This 2014 Hyperion collection of 22 hymns sung by the Choir of Westminster Abbey is a straightforward presentation of familiar versions for choir and organ. For the most part, the arrangements are conventional four-part settings, with occasional interpolations of seldom-heard harmonizations and descants, and the performances by the men and boys are appropriately reverent and joyous. The majority of selections are hymns of praise, including Praise, my soul, the king of heaven; Thine be the glory; and Praise to the Lord, the Almighty, though Drop, drop slow tears; I bind unto myself today; and Let all mortal flesh keep silence bring a more somber and penitential mood to the program. The recordings were made in late 2012 and early 2013 in Westminster Abbey, so the sound of the album is typically resonant and spacious, and the choir has a well-blended tone, though the trade-off for the glorious acoustics is a loss of clarity in some of the words.
Our second October release from Westminster Abbey tells the story of the religious and political turmoil that engulfed England in the sixteenth century, and from which composers of liturgical music could find no escape. They were forced to follow the changing edicts about permitted texts as the pendulum of power oscillated between traditional and reformed religion. Interestingly, this period saw the greatest flowering of church music in England’s history; some of the most magnificent works of the age are recorded here.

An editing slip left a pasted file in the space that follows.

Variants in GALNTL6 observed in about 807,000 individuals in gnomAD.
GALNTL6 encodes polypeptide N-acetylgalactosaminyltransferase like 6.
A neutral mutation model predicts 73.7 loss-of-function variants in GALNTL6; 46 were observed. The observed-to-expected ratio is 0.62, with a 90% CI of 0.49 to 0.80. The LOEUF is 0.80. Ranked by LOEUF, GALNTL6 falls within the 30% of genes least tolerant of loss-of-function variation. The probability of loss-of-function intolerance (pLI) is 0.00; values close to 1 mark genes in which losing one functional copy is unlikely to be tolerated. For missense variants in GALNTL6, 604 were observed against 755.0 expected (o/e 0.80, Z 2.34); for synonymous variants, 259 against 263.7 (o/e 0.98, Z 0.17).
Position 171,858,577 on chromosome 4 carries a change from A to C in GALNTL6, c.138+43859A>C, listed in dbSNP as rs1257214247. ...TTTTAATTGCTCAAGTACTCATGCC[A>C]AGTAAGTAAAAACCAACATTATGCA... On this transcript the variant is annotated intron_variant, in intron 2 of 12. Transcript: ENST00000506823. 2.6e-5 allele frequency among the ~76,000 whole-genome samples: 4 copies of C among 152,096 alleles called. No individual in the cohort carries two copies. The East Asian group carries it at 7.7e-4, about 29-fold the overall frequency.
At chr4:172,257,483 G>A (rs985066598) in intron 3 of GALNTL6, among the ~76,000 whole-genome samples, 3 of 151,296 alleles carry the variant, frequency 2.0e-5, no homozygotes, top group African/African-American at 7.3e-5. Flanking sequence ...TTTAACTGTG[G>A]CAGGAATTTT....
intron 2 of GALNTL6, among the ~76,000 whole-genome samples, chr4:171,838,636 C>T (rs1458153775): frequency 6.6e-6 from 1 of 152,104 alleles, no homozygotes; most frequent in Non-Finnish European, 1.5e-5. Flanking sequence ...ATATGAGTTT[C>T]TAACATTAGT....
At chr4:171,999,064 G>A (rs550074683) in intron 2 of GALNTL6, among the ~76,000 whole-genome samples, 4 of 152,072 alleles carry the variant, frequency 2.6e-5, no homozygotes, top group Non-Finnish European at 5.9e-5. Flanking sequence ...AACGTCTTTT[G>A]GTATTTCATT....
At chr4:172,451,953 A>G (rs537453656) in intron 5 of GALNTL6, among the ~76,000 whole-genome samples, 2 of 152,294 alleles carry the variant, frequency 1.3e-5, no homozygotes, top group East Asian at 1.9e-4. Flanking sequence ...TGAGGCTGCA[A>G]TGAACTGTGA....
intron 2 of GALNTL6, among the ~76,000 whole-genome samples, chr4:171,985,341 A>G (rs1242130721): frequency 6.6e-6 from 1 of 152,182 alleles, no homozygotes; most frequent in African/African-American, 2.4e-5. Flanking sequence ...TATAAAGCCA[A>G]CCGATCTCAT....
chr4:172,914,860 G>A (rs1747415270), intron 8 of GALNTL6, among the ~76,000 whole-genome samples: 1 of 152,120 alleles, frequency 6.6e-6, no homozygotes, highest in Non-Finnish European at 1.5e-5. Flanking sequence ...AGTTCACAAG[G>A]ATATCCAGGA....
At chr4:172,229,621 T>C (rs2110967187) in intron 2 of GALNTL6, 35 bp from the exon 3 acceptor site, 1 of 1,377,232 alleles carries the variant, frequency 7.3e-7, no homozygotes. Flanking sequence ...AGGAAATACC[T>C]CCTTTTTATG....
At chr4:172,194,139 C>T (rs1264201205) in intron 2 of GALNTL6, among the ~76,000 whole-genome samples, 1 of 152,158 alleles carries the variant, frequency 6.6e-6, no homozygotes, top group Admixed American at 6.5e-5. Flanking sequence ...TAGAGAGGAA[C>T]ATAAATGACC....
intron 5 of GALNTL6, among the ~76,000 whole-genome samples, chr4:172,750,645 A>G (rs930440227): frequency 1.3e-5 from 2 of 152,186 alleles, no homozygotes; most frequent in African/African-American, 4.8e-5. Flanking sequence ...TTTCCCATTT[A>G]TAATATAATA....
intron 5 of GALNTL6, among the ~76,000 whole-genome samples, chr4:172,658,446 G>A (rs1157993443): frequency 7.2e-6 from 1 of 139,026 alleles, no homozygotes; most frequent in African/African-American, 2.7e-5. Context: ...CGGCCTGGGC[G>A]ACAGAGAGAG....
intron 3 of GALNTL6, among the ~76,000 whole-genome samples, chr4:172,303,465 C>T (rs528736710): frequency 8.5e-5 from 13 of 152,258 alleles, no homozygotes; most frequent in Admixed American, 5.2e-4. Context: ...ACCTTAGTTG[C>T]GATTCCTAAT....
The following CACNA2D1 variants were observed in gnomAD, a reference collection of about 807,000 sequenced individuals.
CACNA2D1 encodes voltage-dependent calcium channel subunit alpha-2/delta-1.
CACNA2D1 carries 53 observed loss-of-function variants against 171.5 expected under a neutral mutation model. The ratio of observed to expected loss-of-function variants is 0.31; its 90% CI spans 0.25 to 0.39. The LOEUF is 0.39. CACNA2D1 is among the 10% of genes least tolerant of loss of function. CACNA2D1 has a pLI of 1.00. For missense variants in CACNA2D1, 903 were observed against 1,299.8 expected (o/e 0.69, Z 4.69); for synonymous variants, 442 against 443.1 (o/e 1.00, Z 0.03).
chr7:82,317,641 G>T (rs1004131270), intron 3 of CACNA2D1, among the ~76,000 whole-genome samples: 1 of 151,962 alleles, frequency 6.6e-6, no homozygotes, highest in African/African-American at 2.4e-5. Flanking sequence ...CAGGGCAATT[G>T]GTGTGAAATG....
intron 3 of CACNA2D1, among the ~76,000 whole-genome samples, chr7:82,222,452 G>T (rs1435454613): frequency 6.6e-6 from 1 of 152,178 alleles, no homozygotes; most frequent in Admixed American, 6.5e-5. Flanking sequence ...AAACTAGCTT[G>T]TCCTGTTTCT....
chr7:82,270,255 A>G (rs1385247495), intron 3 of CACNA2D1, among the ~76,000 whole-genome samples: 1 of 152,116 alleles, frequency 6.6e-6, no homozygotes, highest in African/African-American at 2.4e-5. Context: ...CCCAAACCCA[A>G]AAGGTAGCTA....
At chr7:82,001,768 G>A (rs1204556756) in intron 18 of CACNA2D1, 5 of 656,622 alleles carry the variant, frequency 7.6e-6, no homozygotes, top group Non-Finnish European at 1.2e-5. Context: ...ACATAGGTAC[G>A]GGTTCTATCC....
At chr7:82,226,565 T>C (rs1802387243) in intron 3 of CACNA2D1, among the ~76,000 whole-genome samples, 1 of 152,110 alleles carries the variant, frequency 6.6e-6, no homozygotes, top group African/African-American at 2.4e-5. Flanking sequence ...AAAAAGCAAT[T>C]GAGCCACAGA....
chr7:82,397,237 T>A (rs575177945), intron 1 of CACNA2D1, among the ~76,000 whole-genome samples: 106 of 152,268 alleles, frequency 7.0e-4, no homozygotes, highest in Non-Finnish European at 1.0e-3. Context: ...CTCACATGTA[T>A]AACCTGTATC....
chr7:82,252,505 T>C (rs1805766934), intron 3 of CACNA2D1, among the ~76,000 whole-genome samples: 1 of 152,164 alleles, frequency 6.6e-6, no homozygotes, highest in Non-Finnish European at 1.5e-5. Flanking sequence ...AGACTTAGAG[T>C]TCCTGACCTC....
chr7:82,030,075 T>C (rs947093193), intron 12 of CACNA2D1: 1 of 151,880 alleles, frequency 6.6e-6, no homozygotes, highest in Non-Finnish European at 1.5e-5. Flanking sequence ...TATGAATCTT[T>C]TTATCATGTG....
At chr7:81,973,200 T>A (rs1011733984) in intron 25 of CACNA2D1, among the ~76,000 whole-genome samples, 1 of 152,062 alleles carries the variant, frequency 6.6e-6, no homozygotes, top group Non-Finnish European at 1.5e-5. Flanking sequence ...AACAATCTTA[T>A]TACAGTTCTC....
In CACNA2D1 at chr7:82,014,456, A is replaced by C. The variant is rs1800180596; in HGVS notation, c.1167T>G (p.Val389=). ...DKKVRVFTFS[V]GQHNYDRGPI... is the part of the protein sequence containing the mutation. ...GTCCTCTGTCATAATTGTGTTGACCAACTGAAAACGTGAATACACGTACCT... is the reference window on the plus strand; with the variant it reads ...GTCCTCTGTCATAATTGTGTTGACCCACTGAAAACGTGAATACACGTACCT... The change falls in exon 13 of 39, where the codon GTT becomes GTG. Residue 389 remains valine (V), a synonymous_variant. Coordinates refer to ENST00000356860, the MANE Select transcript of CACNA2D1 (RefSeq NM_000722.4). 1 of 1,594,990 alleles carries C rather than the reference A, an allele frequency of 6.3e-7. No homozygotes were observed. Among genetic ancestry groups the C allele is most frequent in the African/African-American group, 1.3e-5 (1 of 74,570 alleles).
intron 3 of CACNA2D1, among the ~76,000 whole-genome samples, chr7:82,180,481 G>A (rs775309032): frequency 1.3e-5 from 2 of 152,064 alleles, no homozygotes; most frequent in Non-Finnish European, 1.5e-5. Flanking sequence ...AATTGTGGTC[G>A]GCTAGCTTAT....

Westminster Abbey has been the focus of British royal occasions for centuries, and the early seventeenth century saw the most dazzling musicians of the age writing music for the Court in all its various incarnations. This fascinating disc presents a selection of works from the reign of King James I.
Recordings of Felix Mendelssohn's Violin Concerto in E minor, Op. 64, are abundant, and even the pairing with the rarer Robert Schumann Violin Concerto, WoO 23, of 1853 are not as infrequent as they used to be. The thorny Schumann concerto has undergone a reevaluation upward, and plenty of players now concur with the judgment of Yehudi Menuhin: "This concerto is the historically missing link of the violin literature; it is the bridge between the Beethoven and the Brahms concertos, though leaning more towards Brahms." Violinist Carolin Widmann who (like the ECM label on which the album appears) has focused mostly on contemporary music, takes up the challenge of providing something new here, and she meets it. The central fact of the recording is that Widmann conducts the Chamber Orchestra of Europe from the violin. Others have done this before, but few have pursued the implications of the technique as far as Widmann has: the performances are unusually light and transparent, and they are perhaps thus in accord with the sounds an orchestra of the middle 19th century might have produced. Sample the unusually lively, sprightly reading of the Mendelssohn concerto's finale.
The King's Consort was founded at Cambridge University in England by Robert King, at the time a 20-year-old student. At first, the King's Consort consisted only of a small choir and band, but its concerts attracted such acclaim and positive critical notices that by 1982, King was able to establish the Consort as a full-time professional orchestral ensemble based out of London.
Jennifer Pike, who won the BBC Young Musician of the Year competition at the tender age of 12, appears to have survived the perils of prodigyhood and entered her early twenties with musical intelligence intact. Here she offers a terrific program of music from the middle of the 19th century; all of it is abstract, but it brings vividly to mind the crucial trio of creative figures who met in the early 1850s: the ailing Robert Schumann, his musically frustrated wife Clara, and the young Johannes Brahms, mooning over the latter.